WASHINGTON—In a steady escalation of the fight against Islamic State (ISIS) militants, the U.S. military stands ready to send more American personnel and attack helicopters to Iraq, especially to help retake a key city seized by the extremists, Defense Secretary Ash Carter said Wednesday.
In recent days, Iraqi forces advanced on Ramadi, the provincial capital of Anbar province, retaking a military operations center and a neighborhood on the outskirts of the city in western Iraq.
“The United States is prepared to assist the Iraqi army with additional unique capabilities to help them finish the job, including attack helicopters and accompanying advisers” if circumstances dictate the extra assistance, and if requested by Iraqi Prime Minister Haider al-Abadi, Carter told the Senate Armed Services Committee.
Carter outlined the steps as the Obama administration faces criticism from both Republicans and Democrats about its strategy to defeat ISIS militants, reflecting a nation’s growing fears about the threat of terrorism. It was the first time that Carter has testified before the committee since ISIS claimed responsibility for bombing a Russian airliner, attacks in Beirut and Paris, and the deadly shooting in San Bernardino, California, by a self-radicalized couple.
Carter said that during the past several months, the U.S.-led coalition fighting ISIS in Iraq and Syria has provided specialized training and equipment, including combat engineering assistance such as bulldozing, and munitions such as AT-4 shoulder-fired missiles to stop truck bombs, to the Iraqi army and counter-terrorism service units entering Ramadi neighborhoods from multiple directions.
He predicted tough fighting ahead, but said the Iraqi forces have shown resilience when faced with counter-attacks from ISIS.
Sen. John McCain (R-Ariz.), chairman of the committee, advocated for more U.S. troops to be sent to stem ISIS momentum. “There are 20,000 to 30,000 of them. They are not giants. Somebody is going to have to convince me that air power alone” is going to do the job, McCain said.
McCain acknowledged tactical progress, but said “we are not winning this war” and “time is not on our side.”
At the current pace, he said U.S. commanders estimate that ISIS will still control Mosul in Iraq at the end of next year. In Syria, ISIS will not be destroyed until Raqqa, the capital of their so-called caliphate, is recaptured, he said. “But there’s still no ground force that is both willing and able to retake Raqqa, nor is there a realistic prospect of one emerging soon,” McCain said.
Air Force Gen. Paul Selva, vice chairman of the Joint Chiefs of Staff, said the U.S. is not sure if Syrian democratic forces and their Kurdish partners are a big enough force to hold Raqqa if it were retaken. He said the U.S. hopes that U.S. Special Operations forces will be able to generate ground intelligence to surmise which forces are available to hold Raqqa. He said that if Ramadi is retaken, the Iraqi government expects a predominantly Sunni police force to work to hold the area.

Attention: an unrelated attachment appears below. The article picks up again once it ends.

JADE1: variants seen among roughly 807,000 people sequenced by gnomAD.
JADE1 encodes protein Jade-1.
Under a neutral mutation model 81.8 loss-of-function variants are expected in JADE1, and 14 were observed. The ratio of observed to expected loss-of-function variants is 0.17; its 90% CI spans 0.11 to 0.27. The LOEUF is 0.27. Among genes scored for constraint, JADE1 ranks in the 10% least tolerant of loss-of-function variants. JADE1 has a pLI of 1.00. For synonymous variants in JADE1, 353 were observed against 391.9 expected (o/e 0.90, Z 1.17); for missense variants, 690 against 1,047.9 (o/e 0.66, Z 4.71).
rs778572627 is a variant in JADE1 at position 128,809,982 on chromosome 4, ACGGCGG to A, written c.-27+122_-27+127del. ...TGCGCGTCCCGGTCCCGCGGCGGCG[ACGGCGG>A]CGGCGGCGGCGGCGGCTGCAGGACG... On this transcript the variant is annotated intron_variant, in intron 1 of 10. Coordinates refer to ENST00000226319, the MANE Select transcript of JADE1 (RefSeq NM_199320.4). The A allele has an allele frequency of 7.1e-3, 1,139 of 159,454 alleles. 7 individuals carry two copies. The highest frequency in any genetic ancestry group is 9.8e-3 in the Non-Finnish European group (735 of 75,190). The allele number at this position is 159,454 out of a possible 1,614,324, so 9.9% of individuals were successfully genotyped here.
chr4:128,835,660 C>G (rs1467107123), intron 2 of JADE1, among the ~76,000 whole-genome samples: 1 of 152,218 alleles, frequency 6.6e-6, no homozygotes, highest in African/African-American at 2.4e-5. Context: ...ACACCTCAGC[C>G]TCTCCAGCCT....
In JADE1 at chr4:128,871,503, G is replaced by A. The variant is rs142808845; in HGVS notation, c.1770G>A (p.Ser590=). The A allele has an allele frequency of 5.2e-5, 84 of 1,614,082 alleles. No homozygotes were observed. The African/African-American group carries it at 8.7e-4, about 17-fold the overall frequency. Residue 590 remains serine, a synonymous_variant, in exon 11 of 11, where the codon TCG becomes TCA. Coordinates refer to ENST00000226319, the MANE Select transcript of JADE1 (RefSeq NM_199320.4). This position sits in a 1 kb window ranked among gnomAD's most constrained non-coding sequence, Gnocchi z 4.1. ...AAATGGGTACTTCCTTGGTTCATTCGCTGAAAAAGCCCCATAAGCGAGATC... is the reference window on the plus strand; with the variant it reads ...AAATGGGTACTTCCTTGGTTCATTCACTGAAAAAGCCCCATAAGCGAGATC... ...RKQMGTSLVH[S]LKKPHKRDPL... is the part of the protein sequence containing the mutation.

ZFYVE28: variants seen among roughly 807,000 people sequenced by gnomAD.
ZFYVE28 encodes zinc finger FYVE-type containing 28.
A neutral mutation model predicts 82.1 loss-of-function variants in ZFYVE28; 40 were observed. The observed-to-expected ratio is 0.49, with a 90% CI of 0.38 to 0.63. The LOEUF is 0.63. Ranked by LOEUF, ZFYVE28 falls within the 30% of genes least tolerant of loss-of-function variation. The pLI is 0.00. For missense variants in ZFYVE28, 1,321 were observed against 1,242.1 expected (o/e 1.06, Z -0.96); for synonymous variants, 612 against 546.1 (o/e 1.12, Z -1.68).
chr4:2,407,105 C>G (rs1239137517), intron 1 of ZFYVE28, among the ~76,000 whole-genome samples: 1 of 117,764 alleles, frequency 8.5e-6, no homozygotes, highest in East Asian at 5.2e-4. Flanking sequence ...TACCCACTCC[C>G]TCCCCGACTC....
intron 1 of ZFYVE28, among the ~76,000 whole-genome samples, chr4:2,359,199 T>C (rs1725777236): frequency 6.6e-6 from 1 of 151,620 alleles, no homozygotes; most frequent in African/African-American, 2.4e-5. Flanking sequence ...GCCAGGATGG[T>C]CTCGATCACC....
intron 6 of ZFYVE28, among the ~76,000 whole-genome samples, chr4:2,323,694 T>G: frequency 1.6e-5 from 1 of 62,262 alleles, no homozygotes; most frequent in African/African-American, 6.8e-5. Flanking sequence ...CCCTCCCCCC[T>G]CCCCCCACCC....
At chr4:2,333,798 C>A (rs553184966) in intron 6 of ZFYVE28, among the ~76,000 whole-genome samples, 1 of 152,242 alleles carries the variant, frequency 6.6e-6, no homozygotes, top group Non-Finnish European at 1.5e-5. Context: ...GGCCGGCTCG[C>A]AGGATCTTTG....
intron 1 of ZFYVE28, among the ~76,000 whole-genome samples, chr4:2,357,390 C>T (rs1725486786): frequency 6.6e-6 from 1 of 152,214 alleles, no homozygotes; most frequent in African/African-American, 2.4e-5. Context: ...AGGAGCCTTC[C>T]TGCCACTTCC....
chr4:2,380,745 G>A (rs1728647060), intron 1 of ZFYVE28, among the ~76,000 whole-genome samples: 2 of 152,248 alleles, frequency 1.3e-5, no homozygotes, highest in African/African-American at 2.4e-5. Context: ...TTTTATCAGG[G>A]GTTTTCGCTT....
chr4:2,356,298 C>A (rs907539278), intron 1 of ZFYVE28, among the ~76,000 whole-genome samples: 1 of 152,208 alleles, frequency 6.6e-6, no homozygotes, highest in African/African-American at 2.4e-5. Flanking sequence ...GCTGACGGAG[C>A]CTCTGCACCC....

Carter defended the administration’s decision not to deploy a heavy U.S. ground force to drive ISIS from Syrian and Iraqi territory.
“In the near-term, it would be a significant undertaking that, realistically, we would embark upon largely by ourselves; and it would be ceding our comparative advantage of special forces, mobility, and firepower instead fighting on the enemy’s terms,” Carter said. “In the medium-term, by seeming to Americanize the conflicts in Iraq and Syria, we could well turn those fighting ISIS or inclined to resist their rule into fighting us instead.”
But he said that in the long term, the U.S. would be faced with the problem of securing and governing the territory retaken—something that needs to be done by local forces.
Sen. Tim Kaine (D-Va.) used the hearing to call on Congress to pass new war powers for the fight against ISIS. The administration is relying on authorizations for using U.S. military force that were approved after 9/11. Kaine lamented that Congress has declined to take up the issue in the 16 months the U.S. has been fighting ISIS.
Sen. Lindsey Graham (R-S.C.), who is running for the Republican presidential nomination, sought to drum up support for a new authorization that would not place limits on where, how long or in what ways the U.S. could fight ISIS.
Carter seemed to agree with a more open-ended authorization with no geographical limits, for instance, but hedged his answer as to not contradict his own statements in support of an authorization for new war powers that President Barack Obama has sent to Congress in February—one that included some limits on taking the fight to ISIS.
Republican presidential candidate Ted Cruz, one of the fiercest critics of Obama’s strategy to fight the militants, missed the hearing with Carter. An aide to the Texas senator, a member of the committee, said he was in New York for fundraising and media interviews.
On the other side of the Capitol, the House Foreign Affairs Committee passed, by voice vote, a measure calling for the U.S. to cut through bureaucracy within the Iraqi government in Baghdad and get arms, training and medicine directly to Kurdish forces fighting ISIS.
On Tuesday, a group of prominent Iraqi exiles, which is making a renewed push to unify the country’s disaffected Sunni Arab minority into a cohesive political coalition, wrote Rep. Ed Royce (R-Calif.), chairman of the House committee. Citing distrust of the Shia-led Iraqi government, they urged the committee to consider a similar measure that would expedite the provision of U.S. equipment and training directly to Sunni forces willing to fight ISIS.